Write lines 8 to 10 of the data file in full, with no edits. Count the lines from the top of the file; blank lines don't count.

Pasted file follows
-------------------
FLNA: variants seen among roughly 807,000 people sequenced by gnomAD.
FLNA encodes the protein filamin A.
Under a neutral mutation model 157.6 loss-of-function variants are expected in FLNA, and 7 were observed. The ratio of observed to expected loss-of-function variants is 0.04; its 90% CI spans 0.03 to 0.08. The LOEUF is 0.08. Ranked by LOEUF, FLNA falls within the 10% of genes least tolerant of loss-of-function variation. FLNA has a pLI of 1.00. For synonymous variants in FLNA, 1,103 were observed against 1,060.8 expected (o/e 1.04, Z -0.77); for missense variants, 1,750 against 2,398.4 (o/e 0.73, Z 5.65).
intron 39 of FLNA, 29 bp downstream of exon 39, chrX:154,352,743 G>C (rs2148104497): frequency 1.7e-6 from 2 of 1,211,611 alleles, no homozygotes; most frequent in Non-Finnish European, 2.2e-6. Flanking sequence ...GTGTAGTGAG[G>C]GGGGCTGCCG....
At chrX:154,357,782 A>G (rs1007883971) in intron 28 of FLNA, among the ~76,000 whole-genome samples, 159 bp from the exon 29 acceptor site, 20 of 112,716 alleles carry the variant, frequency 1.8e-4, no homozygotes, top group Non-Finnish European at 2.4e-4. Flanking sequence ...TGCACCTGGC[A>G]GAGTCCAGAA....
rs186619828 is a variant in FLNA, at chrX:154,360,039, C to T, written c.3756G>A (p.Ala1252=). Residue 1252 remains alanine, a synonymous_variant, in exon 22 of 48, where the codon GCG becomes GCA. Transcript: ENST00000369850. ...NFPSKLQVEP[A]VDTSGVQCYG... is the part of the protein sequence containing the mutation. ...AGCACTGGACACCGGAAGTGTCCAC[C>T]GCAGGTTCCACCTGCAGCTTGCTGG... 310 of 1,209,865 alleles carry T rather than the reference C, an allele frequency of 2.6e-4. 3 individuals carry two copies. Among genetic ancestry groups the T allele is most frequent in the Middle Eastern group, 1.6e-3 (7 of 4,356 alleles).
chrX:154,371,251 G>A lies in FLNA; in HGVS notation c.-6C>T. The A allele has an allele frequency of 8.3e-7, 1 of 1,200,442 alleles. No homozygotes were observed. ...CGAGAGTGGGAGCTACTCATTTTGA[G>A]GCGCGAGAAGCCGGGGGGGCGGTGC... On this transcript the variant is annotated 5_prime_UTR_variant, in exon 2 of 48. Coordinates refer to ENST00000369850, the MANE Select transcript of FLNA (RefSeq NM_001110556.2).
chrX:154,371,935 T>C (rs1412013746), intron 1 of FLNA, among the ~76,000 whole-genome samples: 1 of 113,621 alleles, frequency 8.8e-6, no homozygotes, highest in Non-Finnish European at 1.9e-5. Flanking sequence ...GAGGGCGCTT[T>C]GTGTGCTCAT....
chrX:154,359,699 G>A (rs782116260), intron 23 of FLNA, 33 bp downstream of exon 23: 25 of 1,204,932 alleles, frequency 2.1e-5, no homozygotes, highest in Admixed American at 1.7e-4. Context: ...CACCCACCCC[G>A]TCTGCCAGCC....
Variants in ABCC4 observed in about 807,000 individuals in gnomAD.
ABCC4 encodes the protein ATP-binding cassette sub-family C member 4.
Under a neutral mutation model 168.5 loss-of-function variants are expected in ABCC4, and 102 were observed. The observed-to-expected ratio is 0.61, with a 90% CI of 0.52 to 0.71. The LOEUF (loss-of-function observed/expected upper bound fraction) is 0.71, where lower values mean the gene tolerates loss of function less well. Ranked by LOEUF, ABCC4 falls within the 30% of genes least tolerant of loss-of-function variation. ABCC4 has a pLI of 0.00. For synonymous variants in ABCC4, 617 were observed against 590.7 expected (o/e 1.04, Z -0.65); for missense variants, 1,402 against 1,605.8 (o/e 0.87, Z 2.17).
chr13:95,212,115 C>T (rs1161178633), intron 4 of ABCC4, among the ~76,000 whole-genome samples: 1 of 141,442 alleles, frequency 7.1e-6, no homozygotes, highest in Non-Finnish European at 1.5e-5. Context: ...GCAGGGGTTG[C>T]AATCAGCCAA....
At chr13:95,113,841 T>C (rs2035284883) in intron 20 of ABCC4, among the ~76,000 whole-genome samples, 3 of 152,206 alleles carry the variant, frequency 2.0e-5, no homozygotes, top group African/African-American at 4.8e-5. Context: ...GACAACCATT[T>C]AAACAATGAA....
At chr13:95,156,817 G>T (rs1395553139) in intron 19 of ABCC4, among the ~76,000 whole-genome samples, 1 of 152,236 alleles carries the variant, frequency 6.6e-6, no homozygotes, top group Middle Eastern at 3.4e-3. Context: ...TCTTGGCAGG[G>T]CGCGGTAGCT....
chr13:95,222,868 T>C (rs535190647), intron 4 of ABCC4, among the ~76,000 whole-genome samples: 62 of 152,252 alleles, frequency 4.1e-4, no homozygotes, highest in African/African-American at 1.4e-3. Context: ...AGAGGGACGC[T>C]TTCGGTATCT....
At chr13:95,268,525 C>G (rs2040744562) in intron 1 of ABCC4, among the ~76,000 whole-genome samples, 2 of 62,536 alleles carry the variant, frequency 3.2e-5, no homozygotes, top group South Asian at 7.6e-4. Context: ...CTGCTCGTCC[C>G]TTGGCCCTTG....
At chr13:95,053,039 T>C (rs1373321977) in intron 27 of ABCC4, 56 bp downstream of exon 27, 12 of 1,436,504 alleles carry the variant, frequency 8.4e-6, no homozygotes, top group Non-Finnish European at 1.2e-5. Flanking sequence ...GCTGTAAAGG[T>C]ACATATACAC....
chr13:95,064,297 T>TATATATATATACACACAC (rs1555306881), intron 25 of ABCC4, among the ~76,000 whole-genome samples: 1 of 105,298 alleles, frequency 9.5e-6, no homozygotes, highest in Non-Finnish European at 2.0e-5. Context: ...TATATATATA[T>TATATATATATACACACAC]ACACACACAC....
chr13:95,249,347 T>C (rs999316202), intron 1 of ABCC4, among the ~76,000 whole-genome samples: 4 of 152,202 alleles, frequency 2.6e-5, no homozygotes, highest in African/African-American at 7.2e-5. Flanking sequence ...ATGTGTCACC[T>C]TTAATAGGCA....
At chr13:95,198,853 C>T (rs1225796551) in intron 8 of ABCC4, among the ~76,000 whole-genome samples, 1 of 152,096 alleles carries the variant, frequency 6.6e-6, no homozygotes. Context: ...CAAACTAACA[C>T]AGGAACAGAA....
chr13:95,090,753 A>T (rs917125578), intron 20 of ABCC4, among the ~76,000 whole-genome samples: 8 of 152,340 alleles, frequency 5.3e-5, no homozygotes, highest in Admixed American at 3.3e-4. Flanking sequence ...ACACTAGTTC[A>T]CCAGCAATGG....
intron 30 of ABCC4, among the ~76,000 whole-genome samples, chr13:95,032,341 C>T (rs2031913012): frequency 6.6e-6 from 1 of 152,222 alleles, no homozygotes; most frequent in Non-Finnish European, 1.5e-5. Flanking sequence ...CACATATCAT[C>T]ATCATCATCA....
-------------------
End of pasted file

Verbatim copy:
chrX:154,371,935 T>C (rs1412013746), intron 1 of FLNA, among the ~76,000 whole-genome samples: 1 of 113,621 alleles, frequency 8.8e-6, no homozygotes, highest in Non-Finnish European at 1.9e-5. Flanking sequence ...GAGGGCGCTT[T>C]GTGTGCTCAT....
chrX:154,359,699 G>A (rs782116260), intron 23 of FLNA, 33 bp downstream of exon 23: 25 of 1,204,932 alleles, frequency 2.1e-5, no homozygotes, highest in Admixed American at 1.7e-4. Context: ...CACCCACCCC[G>A]TCTGCCAGCC....
Variants in ABCC4 observed in about 807,000 individuals in gnomAD.